= *f*(*x*_{n}
)${\}}_{n=0}^{n=N}$ where *x*_{n}
= *n*Δ*x* or (if the function is smooth) by another (smaller) set of the values {*g*_{n}
${\}}_{n=1}^{n=q}$ where

or, in matrix notation, *f* = *Qg* where *Q* is an orthonormal matrix. This kind of transformation is especially advantageous if the function has low harmonic content. In that case a function can be described by *g* vector (of the dimension significantly smaller than the dimension of *f*) without losing an accuracy. Similarly, for the Neumann boundary conditions, cosine function can be used (for other cases both types of the functions must be used). It is possible to apply the method only for the chosen regions of the domain. In that case matrix *Q* consists of sine and/or cosine functions for the chosen regions and the ones on the main diagonal for the others. In such a case, vector *g* consists of the samples of the function *f* and the coefficients of the expansion for the chosen regions.

The idea presented above can by applied to reduce the size of the considered eigenvalue problem in a very simple way. Let us consider an example presented in Fig. 3 - the quarter circle structure loaded with the different media and the boundary consisting of a perfect electric conductor (PEC) and perfect magnetic conductor (PMC). Since any homogeneous region (for all ϕ) can be selected, we can assume that the field in that region can be easily described by sine or cosine functions (and the expansion can be efficient). Let us apply the expansion method to the *l*-th ring (quarter) with the functions sin ϕ, sin3ϕ, …, sin(2*q* + 1)ϕ for *E*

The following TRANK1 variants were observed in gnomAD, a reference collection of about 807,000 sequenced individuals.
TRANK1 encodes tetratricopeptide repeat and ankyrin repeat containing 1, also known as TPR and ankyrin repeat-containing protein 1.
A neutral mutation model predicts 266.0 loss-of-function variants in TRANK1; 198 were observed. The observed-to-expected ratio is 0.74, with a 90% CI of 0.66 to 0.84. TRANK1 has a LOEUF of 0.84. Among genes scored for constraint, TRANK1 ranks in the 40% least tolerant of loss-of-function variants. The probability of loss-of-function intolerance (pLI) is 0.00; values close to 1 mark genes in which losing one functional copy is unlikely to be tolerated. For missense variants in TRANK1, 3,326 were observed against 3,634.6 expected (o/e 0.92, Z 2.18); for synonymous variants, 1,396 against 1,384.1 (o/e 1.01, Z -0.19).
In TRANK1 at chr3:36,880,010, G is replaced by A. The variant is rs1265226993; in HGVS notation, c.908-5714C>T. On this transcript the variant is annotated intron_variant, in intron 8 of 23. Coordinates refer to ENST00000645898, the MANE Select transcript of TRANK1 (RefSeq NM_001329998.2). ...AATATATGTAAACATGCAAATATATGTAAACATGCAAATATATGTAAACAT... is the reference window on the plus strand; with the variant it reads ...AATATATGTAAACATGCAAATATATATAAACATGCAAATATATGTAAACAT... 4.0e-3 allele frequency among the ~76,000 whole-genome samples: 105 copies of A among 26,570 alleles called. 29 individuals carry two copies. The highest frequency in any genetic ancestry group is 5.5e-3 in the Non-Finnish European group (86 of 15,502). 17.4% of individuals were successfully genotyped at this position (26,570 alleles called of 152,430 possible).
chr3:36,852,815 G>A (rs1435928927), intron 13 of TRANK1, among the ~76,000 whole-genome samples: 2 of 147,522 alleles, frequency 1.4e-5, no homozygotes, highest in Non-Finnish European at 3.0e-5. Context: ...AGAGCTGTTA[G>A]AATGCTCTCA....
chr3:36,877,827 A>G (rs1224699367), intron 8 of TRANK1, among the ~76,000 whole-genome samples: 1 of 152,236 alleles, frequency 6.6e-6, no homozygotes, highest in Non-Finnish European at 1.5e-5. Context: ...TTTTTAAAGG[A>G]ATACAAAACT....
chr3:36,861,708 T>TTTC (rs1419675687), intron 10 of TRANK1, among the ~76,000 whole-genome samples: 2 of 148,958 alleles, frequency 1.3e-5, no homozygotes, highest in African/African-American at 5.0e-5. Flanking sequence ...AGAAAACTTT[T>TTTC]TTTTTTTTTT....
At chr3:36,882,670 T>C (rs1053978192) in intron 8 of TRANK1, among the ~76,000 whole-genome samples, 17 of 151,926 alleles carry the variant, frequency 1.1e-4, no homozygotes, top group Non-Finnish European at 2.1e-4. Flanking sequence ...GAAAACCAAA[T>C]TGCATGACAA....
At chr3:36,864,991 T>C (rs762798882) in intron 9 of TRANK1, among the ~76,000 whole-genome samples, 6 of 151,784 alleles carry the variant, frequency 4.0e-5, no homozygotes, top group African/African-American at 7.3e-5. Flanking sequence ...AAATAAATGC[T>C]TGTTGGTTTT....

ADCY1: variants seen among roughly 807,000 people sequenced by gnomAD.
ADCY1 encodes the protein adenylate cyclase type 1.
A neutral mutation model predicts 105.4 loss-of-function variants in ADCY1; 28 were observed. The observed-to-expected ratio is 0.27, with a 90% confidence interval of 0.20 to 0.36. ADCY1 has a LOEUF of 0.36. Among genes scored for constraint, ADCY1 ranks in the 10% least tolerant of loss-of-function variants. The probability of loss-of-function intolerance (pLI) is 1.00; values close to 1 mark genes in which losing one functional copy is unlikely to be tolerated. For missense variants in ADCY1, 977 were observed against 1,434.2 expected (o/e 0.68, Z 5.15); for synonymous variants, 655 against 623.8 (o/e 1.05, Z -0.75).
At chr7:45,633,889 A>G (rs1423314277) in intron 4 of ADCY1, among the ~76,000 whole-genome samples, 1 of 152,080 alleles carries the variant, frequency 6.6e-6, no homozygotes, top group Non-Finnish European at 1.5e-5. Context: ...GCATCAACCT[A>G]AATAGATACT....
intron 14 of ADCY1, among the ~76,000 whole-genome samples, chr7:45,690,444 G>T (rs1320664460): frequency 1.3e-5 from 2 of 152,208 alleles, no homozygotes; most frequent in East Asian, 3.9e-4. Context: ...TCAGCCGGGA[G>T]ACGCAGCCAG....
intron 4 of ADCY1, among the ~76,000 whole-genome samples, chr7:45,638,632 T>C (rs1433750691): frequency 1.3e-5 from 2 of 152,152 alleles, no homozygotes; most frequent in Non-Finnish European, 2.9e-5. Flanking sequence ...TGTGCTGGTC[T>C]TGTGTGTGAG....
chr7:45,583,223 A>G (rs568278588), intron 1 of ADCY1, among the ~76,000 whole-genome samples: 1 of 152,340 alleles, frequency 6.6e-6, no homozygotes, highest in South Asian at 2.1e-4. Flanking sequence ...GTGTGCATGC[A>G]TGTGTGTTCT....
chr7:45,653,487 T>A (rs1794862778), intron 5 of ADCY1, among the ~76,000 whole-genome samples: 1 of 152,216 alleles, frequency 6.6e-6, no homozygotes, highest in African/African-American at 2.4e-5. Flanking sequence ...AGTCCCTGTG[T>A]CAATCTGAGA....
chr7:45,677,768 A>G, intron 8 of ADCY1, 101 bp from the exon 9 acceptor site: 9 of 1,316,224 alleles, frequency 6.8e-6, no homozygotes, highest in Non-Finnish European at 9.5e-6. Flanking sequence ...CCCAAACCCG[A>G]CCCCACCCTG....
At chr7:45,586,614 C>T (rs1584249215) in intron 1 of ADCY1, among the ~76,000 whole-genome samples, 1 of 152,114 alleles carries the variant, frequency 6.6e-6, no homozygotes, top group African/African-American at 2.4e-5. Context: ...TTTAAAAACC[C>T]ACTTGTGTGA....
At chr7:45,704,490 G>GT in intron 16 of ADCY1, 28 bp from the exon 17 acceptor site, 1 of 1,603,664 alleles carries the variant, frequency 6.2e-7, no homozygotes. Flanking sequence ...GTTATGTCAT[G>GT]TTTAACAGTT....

_{ρ} component and cos ϕ, cos 3ϕ,…, cos (2*q* + 1)ϕ for *E*
_{ρ}, component. This choice of the functions corresponds to the imposed boundary conditions (in general sine and cosine functions must be used for both components). In that case, we can introduce *Ẽ*_{t}
of the following form:

$${\rho}_{1}^{\left(e\right)}{E}_{\varphi 1}\phantom{\rule{.2em}{0ex}}\cdots \phantom{\rule{.2em}{0ex}}{\rho}_{\left(l-1\right)\bullet N}^{\left(e\right)}{E}_{\varphi \left(l-1\right)\bullet N}\phantom{\rule{.2em}{0ex}}{\rho}_{\left(l-1\right)\bullet N+1}^{\left(e\right)}{\tilde{E}}_{\varphi 1}\phantom{\rule{.2em}{0ex}}\cdots \phantom{\rule{.2em}{0ex}}{\rho}_{l\bullet N}^{\left(e\right)}{\tilde{E}}_{\mathit{\varphi q}}$$